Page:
Grain terminals of Brazil and Argentina operate as normal
Port operations are running smoothly in Brazil. Waiting times at Argentinian grain terminals are also largely unchanged even despite a truck driver protest over high fuel prices that disrupted the delivery chain last week. The strike ended on the 30th of June.
Waiting times are 3 to 4 days at San Lorenzo port (up 1 day compared with the week started June 20), 4 to 5 days at Rosario port (up 1 day compared with the week started June 20), 4 to 5 days at San Nicolas (down 2 days compared with the week stared June 20), 2 to 3 days at Necochea (down 1 day compared with June 20-26), 2 to 4 days at Bahia Blanca (down 1 day compared with June 20-26), about 3 days at Nueva Palmira (down 3 days compared with the week started June 20).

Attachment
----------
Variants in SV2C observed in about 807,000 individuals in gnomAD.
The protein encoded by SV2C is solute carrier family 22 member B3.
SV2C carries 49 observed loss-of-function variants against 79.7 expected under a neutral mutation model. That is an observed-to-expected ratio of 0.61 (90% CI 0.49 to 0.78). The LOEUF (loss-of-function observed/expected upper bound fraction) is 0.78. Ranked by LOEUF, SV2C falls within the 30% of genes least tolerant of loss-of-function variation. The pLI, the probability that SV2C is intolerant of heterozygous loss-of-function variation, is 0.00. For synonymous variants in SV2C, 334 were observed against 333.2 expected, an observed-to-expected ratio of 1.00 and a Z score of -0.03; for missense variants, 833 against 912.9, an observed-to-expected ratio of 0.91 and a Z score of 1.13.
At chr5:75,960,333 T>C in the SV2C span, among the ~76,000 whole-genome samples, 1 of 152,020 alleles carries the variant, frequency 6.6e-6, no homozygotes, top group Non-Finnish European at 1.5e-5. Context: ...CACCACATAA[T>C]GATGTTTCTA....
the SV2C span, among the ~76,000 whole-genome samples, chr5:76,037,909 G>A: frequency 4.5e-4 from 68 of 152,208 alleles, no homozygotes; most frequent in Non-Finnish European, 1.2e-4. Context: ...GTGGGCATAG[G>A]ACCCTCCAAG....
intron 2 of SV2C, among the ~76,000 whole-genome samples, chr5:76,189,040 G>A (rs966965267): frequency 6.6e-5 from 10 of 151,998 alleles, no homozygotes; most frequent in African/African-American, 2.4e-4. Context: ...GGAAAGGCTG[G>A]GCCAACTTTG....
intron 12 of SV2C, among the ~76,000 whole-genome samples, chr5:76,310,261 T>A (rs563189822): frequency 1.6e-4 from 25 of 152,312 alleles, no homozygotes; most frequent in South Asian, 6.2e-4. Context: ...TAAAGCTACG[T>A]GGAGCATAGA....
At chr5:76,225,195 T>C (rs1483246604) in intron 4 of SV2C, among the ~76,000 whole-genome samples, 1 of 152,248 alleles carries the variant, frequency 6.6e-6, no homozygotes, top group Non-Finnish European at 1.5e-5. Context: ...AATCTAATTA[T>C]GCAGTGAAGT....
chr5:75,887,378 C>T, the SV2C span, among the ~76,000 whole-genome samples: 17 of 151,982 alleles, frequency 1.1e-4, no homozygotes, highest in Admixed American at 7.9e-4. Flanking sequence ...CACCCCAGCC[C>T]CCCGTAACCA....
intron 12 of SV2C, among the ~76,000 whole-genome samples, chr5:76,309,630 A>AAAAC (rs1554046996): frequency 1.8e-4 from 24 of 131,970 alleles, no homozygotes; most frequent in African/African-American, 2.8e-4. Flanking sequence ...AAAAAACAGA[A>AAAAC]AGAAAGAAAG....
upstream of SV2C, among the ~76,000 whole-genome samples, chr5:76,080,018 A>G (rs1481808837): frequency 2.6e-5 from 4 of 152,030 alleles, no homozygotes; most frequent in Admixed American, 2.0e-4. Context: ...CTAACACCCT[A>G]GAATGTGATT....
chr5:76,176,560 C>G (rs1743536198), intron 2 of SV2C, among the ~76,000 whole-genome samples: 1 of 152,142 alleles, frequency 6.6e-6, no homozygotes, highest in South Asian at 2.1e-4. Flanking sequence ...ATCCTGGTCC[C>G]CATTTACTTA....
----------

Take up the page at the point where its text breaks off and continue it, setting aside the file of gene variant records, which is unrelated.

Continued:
It should be noted that Argentina’s major farm groups have also called for a trade strike for mid-July to pressure the government to do more in resolving the diesel shortage and high fertilizer costs, which are weighing on the country’s agricultural sector. But, most probably there is no major threat of affecting port operations.
Waiting times at the port of Santos for loading grains and sugar are 4 to 6 days on average. Around 30 to 33 vessels are currently anchored at the port of Santos and around 9 are berthed. The average waiting time for vessels discharging fertilizers in Santos is 6 to 7 days. As many as 8 bulk carriers are anchored and around 4 are berthed.
Average waiting time at the port of Pecem for ships loading steel, iron ore, and discharging coal is 3 to 4 days. As many as 3 vessels are berthed and around 4 are anchored.
The average waiting time at the port of Fortaleza for ships discharging wheat and petcoke is 1 day. One bulk carrier is currently berthed.